U.S. would welcome new EU sanctions on Iran: official

U.S. would welcome new EU sanctions on Iran: official
From Reuters - November 14, 2017

BRUSSELS (Reuters) - Any move by the European Union to impose new sanctions on Iran over its ballistic missile program and alleged involvement in Middle East conflicts would be interesting and helpful, a U.S. administration official said on Tuesday.

U.S. President Donald Trump, who has taken a more hawkish line on Iran than predecessor Barack Obama, has said Tehrans missile program should be curbed and wants to punish Tehran over its role in Yemen and Syria.

Trump has also dealt a blow to an international 2015 deal on Irans nuclear program by disavowing Irans compliance with its terms. The U.S. Congress now has until mid-December to decide whether to reimpose economic sanctions on Iran that had been lifted in exchange for it limiting its nuclear activity.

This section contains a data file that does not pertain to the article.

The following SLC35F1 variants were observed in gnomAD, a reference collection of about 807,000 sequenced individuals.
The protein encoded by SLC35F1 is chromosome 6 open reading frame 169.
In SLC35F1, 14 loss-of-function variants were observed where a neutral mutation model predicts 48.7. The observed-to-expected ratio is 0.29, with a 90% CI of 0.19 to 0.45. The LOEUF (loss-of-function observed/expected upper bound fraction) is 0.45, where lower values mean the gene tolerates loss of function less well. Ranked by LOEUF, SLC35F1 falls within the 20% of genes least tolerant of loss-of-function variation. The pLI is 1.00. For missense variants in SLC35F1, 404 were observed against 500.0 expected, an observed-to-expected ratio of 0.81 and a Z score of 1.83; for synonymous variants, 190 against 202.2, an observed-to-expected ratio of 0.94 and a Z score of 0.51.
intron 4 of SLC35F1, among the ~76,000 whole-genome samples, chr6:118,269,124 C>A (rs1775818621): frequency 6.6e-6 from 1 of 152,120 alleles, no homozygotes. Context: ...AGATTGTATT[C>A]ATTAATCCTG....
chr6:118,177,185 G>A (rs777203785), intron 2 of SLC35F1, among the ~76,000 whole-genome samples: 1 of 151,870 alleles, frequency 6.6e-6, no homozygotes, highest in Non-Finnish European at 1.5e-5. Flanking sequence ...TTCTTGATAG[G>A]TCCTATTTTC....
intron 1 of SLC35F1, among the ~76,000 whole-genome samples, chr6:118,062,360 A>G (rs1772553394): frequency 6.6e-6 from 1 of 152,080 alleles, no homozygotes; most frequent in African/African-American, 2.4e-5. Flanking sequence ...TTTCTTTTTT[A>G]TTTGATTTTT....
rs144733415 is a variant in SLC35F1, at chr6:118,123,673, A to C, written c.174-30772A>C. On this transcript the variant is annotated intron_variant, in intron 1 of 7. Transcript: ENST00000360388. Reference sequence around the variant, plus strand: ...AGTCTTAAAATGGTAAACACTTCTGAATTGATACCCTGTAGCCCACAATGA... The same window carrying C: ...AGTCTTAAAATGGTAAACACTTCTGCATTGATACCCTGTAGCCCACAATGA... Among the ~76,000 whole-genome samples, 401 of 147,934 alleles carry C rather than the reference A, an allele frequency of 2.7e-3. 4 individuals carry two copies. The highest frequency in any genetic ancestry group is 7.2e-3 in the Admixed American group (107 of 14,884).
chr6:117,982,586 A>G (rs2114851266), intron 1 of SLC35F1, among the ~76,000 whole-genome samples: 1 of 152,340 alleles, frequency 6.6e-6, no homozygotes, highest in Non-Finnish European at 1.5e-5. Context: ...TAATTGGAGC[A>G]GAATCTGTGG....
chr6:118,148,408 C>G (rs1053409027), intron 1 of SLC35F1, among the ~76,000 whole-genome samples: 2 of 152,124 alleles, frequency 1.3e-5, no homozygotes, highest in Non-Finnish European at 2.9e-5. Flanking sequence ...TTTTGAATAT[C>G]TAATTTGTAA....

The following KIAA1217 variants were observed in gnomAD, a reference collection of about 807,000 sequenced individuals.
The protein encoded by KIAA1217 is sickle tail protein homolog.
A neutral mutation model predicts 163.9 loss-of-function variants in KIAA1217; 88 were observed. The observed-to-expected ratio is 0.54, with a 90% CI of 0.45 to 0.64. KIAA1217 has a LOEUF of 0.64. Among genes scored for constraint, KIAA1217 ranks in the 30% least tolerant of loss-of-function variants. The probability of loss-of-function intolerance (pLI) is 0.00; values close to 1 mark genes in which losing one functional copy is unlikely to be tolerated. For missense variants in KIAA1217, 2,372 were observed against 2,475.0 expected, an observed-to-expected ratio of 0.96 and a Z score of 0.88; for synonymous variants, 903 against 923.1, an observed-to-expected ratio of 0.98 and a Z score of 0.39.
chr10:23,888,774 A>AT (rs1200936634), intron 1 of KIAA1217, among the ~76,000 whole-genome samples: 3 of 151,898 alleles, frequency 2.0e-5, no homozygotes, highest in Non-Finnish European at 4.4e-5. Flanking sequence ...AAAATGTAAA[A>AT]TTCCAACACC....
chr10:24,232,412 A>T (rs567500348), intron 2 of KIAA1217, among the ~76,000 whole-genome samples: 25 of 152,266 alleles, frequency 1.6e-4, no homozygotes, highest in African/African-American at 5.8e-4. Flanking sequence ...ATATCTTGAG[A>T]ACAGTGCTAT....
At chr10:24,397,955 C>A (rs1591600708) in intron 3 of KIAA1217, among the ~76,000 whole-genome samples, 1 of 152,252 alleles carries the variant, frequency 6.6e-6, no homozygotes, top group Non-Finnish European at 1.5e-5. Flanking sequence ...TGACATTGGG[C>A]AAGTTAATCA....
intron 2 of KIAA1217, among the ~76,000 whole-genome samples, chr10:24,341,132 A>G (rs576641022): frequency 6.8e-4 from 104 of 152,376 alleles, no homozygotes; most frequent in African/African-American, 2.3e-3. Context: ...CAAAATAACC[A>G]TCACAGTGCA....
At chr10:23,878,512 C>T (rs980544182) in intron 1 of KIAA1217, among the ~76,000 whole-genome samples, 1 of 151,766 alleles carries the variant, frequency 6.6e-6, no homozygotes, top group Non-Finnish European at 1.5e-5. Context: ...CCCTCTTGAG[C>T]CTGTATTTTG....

But the EU, which normally coordinates closely with Washington on international sanctions, has been lobbying hard to preserve the nuclear accord, saying it should be kept separate from missile and regional security matters.

Last week, French President Emmanuel Macron mooted the possibility of fresh sanctions, saying he was very concerned about Irans missile program following the firing of a missile from Yemen into Saudi Arabia.

It would certainly be a very interesting and probably helpful move on the part of the EU, the U.S. administration official told reporters in Brussels when asked if Washington wanted the EU to pursue fresh restrictions on Iran.

The missile fired into Saudi Arabia from Yemen on Nov. 4 was intercepted near Riyadh airport and there were no casualties. Saudi Arabia, which intervened against Iran-backed Houthi rebels in Yemens war in 2015, accuses the Islamic Republic of supplying missiles and other weaponry to the Houthis.

Tehran denies this and it also rejected Macrons remarks, saying its missile program was solely defensive and not linked to the nuclear pact, which European powers, Russia and China - the other parties to the 2015 deal - say is vital to containing Middle East tensions.



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